My Old Lady lures you in with the promise of a visit to Paris in the company of Maggie Smith, embodying her latest grand/ditzy/funny/withering dame. But once the movie kicks in, you discover you’re mainly stuck in a shadowy, rambling apartment, with a mopey Kevin Kline instead.
He plays Mathias Gold, an American with three unpublished novels, three ex-wives and, at age 57, too many self-pitying grievances to number. More on that later. We meet him as he arrives in Paris to scope out that grand apartment, the only thing left to him by his recently departed, estranged, detested father. The place is enormous, with a garden — worth a fortune. He plans to sell immediately.
The one catch? Smith, as the 92-year-old Mathilde, whom he encounters dozing in a chair in one of the flat’s many rooms. She’s no mere tenant, but the beneficiary of a peculiar French real estate contract, a “vie âgée.” When Mathias’s dad bought the property more than four decades ago, it was with the covenant that Mathilde could remain in residence there until her death — and not rent-free. No, as the broke Mathias quickly learns, he is expected to pay her 2,400 Euros a month to remain in the property that he is desperate to sell. Well, until she croaks, at least.
Playwright-director Israel Horovitz sets up a great situation here. If only his follow-through were worthwhile. Will it be a black comedy, focusing on Mathias’s schemes to have Mathilde knocked off? Will it turn into a hilarious comic power play between the duo? Either of these avenues might have been fruitful, but the script quickly bogs down into a series of scenes featuring the formerly sober Mathias getting drunk and complaining about being raised by an unloving father. Sample line:
“I was born with a silver knife in my back.”
Kline (never a particularly warm or persuasive dramatic actor) does his best to sell this self-pitying drudge, who clearly thinks everything he says is a priceless bon mot. But he can’t make us like the guy. Kristin Scott Thomas likewise can’t make sense of her role as Smith’s thin-lipped spinster daughter. The actress tries her damnedest when the jerry-rigged plot forces her character to become enamored of a man who not only wants to evict her from her home, but has previously been a snarky bastard.
After a while, her character is infected by the screenplay’s blame-it-on-the-parents psychobabble: she starts griping about her loveless childhood, too. In his mid-70s, playwright Horovitz is striking out into new territory by directing his first film, but his script remains stuck in the kind of dramatic hinterlands that already felt old-school when I first started writing about theater in the 1980s. Even Dame Smith, if not wasted here, is muted by the material. Oh well …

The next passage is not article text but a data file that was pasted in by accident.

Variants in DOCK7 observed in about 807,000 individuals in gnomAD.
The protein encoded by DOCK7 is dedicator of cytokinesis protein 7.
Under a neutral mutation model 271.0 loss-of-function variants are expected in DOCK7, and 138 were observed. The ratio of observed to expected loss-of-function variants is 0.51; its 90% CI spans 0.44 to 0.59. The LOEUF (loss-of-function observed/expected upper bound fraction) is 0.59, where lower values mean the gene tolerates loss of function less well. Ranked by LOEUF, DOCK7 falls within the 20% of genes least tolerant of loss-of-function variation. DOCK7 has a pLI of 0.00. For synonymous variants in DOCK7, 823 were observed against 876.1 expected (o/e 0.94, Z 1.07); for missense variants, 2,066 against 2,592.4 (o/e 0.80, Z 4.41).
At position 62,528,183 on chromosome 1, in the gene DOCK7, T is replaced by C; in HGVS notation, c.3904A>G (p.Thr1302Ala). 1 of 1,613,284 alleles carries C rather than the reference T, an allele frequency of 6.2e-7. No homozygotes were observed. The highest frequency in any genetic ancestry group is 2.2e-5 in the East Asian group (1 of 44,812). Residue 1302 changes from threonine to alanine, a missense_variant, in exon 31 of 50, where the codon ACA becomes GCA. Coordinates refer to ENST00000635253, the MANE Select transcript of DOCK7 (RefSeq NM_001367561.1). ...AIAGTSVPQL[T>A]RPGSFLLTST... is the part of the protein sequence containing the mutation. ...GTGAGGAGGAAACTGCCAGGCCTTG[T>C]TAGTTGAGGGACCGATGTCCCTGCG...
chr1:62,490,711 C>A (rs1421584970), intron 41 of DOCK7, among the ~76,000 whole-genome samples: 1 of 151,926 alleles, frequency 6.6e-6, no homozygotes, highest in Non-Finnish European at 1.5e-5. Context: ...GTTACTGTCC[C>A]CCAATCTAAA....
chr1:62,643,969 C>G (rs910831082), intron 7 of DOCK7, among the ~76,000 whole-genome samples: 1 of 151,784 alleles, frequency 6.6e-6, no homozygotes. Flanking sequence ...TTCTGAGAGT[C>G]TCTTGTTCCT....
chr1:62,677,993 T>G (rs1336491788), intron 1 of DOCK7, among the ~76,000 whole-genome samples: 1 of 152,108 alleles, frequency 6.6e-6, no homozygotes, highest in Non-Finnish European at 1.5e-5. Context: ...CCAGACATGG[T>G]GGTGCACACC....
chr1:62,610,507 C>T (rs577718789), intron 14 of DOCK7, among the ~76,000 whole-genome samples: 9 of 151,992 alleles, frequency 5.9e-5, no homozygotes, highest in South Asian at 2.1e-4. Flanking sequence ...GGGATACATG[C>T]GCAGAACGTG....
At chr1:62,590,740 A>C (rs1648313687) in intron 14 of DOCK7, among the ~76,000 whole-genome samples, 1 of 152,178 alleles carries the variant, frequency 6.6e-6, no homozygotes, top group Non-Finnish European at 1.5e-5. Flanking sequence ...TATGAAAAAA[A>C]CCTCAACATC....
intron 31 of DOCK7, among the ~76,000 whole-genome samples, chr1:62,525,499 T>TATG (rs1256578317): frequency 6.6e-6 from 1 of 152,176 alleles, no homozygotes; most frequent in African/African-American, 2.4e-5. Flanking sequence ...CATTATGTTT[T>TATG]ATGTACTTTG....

I wish I had better news regarding Take Me to the River, a documentary about the vibrant, longstanding Memphis music scene. The heart sinks a level, though, at first glance of narrator Terrence Howard, wearing the kind of self-consciously fly duds he might have worn as the pimp in Hustle & Flow. He refers to Memphis as “this musical utopia,” which is about as deep as the analysis and historical context get.
Mainly the movie spends its time in recording rooms, listening to old timers like Otis Clay, William Bell (the Stax singer/songwriter who now lives in Atlanta), Mavis Staples and so on talk about their music, kidney replacements and beloved colleagues who have passed. Sometimes, they sing. But so does Howard, in one of the extended musical sessions of the film.
It’s one of those movies that looks like it was a lot of fun to make, a chance to hang out with these old timers and listen to them cut loose. But Martin Shore’s directing debut lacks an organizing structure. Mainly it feels like an opportunity that comes too late.
Many of the legends discussed have already passed on to that great jam session in the sky. Two others interviewed here died before the film was finished. For the record, there’s a record: the soundtrack, now on sale. It’s hard not to think that product is the actual reason this project was assembled. In the end, Take Me to the River feels less like a loving celebration of a place, its music and its personalities, and more like a lunge for some lucrative commercial synergy.
My Old Lady. With Kevin Kline, Maggie Smith, Kristin Scott Thomas. Written and directed by Israel Horovitz. 106 minutes. Rated PG-13. At Landmark Midtown Art Cinema.
Take Me to the River. A documentary by Martin Shore. Rated PG. 95 minutes. At Landmark Midtown Art Cinema.